On the controls of mineral assemblages and textures in alkaline springs, Samail Ophiolite, Oman
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AuthorGiampouras, Emmanouil; Garrido, Carlos J.; Bach, Wolfgang; Los, Catharina; Fussmann, Dario; Monien, Patrick; García Ruiz, Juan Manuel
Giampouras, M., Garrido, C. J., Bach, W., Los, C., Fussmann, D., Monien, P., & García-Ruiz, J. M. (2020). On the controls of mineral assemblages and textures in alkaline springs, Samail Ophiolite, Oman. Chemical Geology, 533, 119435.
SponsorshipThe present research has been funded by the European Union Seventh Framework Programme FP7/2007-2013 under the FP7 People Program (Marie Curie Action– ITN “Abyss”) under REA grant agreement no. 608001, and the F7 Ideas: European Research Council grant PROMETHEUS under grant agreement no. 340863.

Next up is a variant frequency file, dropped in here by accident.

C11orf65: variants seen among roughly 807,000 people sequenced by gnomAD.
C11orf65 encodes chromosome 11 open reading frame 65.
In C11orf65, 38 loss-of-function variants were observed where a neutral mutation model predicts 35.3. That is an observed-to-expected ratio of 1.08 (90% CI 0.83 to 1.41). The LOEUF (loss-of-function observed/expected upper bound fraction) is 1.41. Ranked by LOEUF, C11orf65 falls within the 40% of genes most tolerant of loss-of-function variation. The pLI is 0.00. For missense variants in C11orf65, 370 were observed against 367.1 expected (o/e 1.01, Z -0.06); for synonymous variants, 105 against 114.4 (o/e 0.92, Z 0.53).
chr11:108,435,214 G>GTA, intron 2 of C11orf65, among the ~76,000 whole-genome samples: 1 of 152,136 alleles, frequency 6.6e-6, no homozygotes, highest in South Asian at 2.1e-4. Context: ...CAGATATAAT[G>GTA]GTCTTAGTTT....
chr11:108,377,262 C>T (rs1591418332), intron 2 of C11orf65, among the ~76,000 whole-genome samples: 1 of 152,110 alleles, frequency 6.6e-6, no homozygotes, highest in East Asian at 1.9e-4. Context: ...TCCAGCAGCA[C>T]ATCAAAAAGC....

Interactions between meteoric water and ultramafic rocks in the Oman Ophiolite generate waters of variable physicochemical characteristics. The discharge of these waters forms complex alkaline pool networks, in which mineral precipitation is triggered by mixing, evaporation, and uptake of atmospheric CO2. A systematic and colocalized sampling of waters and solids in two individual spring sites allowed us to determine the saturation state of a range of minerals and correlate them to the different water and precipitate types. We subdivided the waters of the spring sites into three distinctive types: i) Mg-type; moderately alkaline (7.9<pH<9.5), Mg2+–HCO3 −- rich waters, ii) Ca-type; hyperalkaline (pH>11.6), Ca2+–OH−-rich waters, and iii) Mix-type; alkaline to hyperalkaline (9.6 < pH < 11.5) waters with intermediate chemical composition. We first report the occurrence of hydrated magnesium (hydroxy-) carbonate phases in Mg-type waters. Nesquehonite forms in these waters via evaporation and transforms into dypingite and hydromagnesite under CO2-rich conditions. In Ca-type waters, the coupling of atmospheric CO2 uptake with evaporation leads to the formation of a calcitic crystalline crust on the air-water interface. The crusts are aragonite- and brucite-bearing, where Mg-type and Ca-type waters discharge and vigorously mix at the same pool. Unlike the Mg-type and Ca-type waters, the pools of Mix-type waters host massive aragonite-dominated deposits due to high Mg/Ca ratio that favors the growth of aragonite over calcite. The hydrodynamics during mixing spatially control brucite precipitation and restrict its formation and accumulation around specific mixing zones, where a continuous supply of Mg of inflowing Mg-type waters takes place. Crystal morphologies record the effect on the values of supersaturation and supersaturation rates in the pools due to mixing processes, evaporation and CO2 uptake. In Ca-type waters, CO2 uptake and evaporation dictate the textural characteristics of calcite both in crystalline crusts and rock coatings. Textural evolution of aragonite from crystalline sheaves to spheroidal shapes underlines the different supersaturation rates of calcium carbonate crystallization in flocculent material of Mix-type waters. Geochemical models of mixing between Mgtype and Ca-type waters revealed the evolution of mineral saturation indices under various mixing proportions, and their relation to the observed mineralogy and geochemistry of the pool waters. The thorough documentation of mineral assemblages and crystal morphologies enabled us to provide a more detailed account of how water composition, mixing, and mineral precipitation co-evolve in the alkaline spring systems, where CO2 is sequestered.